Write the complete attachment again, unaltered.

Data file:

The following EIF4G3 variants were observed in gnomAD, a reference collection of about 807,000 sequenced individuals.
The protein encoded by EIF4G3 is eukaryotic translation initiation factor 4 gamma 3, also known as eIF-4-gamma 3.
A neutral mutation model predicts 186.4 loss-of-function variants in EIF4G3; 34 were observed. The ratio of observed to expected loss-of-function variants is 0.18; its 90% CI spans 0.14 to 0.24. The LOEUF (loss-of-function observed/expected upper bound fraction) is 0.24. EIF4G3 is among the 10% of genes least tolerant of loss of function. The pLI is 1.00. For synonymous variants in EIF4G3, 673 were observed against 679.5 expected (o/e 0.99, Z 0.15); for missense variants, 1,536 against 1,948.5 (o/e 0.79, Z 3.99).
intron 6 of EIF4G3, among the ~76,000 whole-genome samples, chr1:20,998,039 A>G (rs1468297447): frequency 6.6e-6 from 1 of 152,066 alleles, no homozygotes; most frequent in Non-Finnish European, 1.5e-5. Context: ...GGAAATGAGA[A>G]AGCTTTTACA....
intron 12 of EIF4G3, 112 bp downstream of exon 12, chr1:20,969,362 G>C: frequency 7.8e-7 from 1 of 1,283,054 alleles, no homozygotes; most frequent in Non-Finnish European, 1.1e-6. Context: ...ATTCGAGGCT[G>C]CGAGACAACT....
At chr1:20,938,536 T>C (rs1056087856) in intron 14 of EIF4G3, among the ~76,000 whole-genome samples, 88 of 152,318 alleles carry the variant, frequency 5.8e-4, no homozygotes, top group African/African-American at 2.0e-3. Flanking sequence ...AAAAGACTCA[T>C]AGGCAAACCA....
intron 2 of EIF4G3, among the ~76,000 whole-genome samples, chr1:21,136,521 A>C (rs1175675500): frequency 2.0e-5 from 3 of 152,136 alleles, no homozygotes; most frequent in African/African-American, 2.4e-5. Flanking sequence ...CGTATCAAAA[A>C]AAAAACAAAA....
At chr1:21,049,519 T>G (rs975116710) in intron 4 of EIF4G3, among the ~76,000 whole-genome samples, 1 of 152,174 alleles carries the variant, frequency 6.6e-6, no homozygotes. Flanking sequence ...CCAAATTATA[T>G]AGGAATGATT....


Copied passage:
The following EIF4G3 variants were observed in gnomAD, a reference collection of about 807,000 sequenced individuals.
The protein encoded by EIF4G3 is eukaryotic translation initiation factor 4 gamma 3, also known as eIF-4-gamma 3.
A neutral mutation model predicts 186.4 loss-of-function variants in EIF4G3; 34 were observed. The ratio of observed to expected loss-of-function variants is 0.18; its 90% CI spans 0.14 to 0.24. The LOEUF (loss-of-function observed/expected upper bound fraction) is 0.24. EIF4G3 is among the 10% of genes least tolerant of loss of function. The pLI is 1.00. For synonymous variants in EIF4G3, 673 were observed against 679.5 expected (o/e 0.99, Z 0.15); for missense variants, 1,536 against 1,948.5 (o/e 0.79, Z 3.99).
intron 6 of EIF4G3, among the ~76,000 whole-genome samples, chr1:20,998,039 A>G (rs1468297447): frequency 6.6e-6 from 1 of 152,066 alleles, no homozygotes; most frequent in Non-Finnish European, 1.5e-5. Context: ...GGAAATGAGA[A>G]AGCTTTTACA....
intron 12 of EIF4G3, 112 bp downstream of exon 12, chr1:20,969,362 G>C: frequency 7.8e-7 from 1 of 1,283,054 alleles, no homozygotes; most frequent in Non-Finnish European, 1.1e-6. Context: ...ATTCGAGGCT[G>C]CGAGACAACT....
At chr1:20,938,536 T>C (rs1056087856) in intron 14 of EIF4G3, among the ~76,000 whole-genome samples, 88 of 152,318 alleles carry the variant, frequency 5.8e-4, no homozygotes, top group African/African-American at 2.0e-3. Flanking sequence ...AAAAGACTCA[T>C]AGGCAAACCA....
intron 2 of EIF4G3, among the ~76,000 whole-genome samples, chr1:21,136,521 A>C (rs1175675500): frequency 2.0e-5 from 3 of 152,136 alleles, no homozygotes; most frequent in African/African-American, 2.4e-5. Flanking sequence ...CGTATCAAAA[A>C]AAAAACAAAA....
At chr1:21,049,519 T>G (rs975116710) in intron 4 of EIF4G3, among the ~76,000 whole-genome samples, 1 of 152,174 alleles carries the variant, frequency 6.6e-6, no homozygotes. Flanking sequence ...CCAAATTATA[T>G]AGGAATGATT....